In the 19th century, poverty afflicts the rural areas of Friuli and nearby Carnia, with its rugged mountains where supernatural beings dwell. It is in this historical and geographical context at the end of World War Two that the ‘scarpez’, also known as the ‘friulane’, are first made, a symbol of a subsistence economy full of strength, resistance and dignity. The women folk, among their hundred-and-one other tasks, are the driving force behind these creations. Making them from recycled materials, they work with painstaking precision near the hearth so that they may be worn especially in the warm season by the children and adults of the large patriarchal families. In the 1950s, the tradition is consolidated and perfected in both construction technique and choice of materials

A versatile shoe/slipper is now ready – and it’s becoming increasingly popular for its comfort and the feeling of freedom it gives to the wearer. The island city of Venice is where a new chapter opens in the history of the friulane. In the ‘60s, they appear on sale on the Rialto Bridge. They have been brought here by a family from the north-east region of Friuli as they have realised that Venice could be the city best suited for them to be worn and therefore sold. Indeed, the gondoliers are the first on board, and love to wear as they are non-slip, stable and are soft towards the precious paintwork of their precious craft, the symbol of the Serenissima Republic.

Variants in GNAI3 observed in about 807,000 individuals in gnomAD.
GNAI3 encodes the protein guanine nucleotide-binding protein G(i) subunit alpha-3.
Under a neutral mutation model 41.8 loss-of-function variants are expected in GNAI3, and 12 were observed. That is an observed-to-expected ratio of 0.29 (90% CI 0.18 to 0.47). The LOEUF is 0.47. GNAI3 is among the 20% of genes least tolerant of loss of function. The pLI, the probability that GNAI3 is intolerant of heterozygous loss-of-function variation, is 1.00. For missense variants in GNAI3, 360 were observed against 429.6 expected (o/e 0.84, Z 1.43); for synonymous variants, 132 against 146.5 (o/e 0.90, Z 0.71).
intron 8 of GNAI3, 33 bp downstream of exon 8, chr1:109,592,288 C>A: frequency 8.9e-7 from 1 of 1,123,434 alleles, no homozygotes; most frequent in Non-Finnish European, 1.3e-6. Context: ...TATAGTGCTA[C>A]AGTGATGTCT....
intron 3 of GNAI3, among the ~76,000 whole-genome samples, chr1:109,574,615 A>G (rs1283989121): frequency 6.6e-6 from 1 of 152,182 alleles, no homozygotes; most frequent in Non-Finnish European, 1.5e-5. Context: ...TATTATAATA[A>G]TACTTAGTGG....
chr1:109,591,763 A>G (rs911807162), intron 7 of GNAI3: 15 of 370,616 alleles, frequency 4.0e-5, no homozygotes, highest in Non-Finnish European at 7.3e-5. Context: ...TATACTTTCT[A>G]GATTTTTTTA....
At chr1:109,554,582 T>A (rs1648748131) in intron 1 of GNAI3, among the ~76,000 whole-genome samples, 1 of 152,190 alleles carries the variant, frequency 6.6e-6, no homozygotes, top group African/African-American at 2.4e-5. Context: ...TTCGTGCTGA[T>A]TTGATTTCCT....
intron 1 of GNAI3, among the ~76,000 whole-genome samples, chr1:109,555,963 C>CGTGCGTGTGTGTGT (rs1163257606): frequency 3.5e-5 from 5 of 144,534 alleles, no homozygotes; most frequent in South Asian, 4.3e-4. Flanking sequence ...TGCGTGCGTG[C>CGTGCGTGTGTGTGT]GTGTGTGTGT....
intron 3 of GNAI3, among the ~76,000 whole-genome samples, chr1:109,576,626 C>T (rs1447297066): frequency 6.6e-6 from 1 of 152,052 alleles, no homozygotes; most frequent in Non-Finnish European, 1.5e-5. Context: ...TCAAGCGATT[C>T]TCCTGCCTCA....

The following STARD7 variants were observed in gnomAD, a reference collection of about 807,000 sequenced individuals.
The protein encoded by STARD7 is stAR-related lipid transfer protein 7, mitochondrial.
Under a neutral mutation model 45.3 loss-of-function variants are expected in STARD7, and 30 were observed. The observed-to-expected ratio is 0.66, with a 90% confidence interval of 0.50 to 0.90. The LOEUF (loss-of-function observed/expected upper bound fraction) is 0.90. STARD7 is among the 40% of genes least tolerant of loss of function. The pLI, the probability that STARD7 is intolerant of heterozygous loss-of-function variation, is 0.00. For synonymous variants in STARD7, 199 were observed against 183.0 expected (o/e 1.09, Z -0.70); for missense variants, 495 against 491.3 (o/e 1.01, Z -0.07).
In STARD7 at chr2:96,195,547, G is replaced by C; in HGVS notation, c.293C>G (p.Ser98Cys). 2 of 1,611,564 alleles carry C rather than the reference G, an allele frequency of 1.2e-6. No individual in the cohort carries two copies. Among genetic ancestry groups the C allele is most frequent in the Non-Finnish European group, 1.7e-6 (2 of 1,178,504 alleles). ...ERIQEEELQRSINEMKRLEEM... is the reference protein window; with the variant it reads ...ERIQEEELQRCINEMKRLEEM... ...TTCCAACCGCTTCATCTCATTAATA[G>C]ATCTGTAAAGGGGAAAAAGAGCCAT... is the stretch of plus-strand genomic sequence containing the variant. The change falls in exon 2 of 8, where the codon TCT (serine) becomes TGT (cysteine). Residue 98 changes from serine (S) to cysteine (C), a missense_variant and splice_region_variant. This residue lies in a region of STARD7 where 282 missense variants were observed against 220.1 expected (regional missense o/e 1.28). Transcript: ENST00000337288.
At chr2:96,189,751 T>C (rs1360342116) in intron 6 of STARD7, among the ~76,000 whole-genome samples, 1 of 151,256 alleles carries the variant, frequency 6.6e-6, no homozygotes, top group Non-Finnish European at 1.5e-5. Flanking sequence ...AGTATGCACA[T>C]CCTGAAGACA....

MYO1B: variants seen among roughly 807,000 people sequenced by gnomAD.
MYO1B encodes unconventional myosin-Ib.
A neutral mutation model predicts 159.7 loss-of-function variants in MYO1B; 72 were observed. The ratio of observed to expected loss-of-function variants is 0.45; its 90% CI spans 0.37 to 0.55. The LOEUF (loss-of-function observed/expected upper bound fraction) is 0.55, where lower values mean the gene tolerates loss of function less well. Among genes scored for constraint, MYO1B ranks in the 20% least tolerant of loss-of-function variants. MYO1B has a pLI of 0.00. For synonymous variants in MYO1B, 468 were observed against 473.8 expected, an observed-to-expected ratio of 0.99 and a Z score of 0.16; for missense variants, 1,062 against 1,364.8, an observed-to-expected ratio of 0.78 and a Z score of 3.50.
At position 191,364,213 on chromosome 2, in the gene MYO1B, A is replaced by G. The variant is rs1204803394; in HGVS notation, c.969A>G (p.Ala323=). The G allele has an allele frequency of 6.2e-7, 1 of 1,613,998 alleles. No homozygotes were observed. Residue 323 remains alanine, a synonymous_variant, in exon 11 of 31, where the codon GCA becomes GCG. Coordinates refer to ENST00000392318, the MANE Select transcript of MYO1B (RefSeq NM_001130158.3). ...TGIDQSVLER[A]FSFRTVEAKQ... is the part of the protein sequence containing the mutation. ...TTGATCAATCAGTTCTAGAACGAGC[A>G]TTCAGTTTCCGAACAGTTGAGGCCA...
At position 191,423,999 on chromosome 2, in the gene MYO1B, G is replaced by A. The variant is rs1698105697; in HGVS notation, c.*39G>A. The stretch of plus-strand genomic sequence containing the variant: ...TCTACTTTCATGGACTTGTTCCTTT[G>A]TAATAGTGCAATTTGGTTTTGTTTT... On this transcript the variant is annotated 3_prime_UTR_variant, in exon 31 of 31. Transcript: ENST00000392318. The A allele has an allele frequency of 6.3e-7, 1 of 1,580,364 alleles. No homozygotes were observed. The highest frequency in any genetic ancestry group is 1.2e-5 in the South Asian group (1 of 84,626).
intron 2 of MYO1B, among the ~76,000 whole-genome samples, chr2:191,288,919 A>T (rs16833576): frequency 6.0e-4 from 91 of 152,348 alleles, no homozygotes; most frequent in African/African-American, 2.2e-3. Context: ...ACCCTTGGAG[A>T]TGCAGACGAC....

Now talked about in Venice, and thus in dialect, as the friulane, the slippers start to flourish in that cosmopolitan air of Venice on the world’s most famous bridge, gradually becoming the icons of an exclusive and sustainable beauty. Being made to ecological principles by reusing fine materials and employing traditional methods, and then by introducing sustainable innovations, Venetian friulane are bought and enjoyed by many people who live in Venice, or who come here from other gracious capitals of the world. They are worn, for example, by orchestra conductors who bestride the stage of the La Fenice theatre, as well as by assiduous theatre-goers, wearing always black ones. Then there are the poets and artists who wear them whilst strolling, perhaps lost in contemplation, through the meandering alleys. Their Venetian friulane, of various colours and textures, communicate to them the ground’s vibrations. Entrepreneurs too love their friulane for their flexibility and elegance; and naturally they are worn by many other walkers, strollers and wanderers, whether Venetians or visitors – all of whom have an outgoing air, and all have the reflections of freedom in their eyes. Venetian friulane have, in them, the beauty of poverty – that beauty which requires no make-up.

Natural and therefore timeless.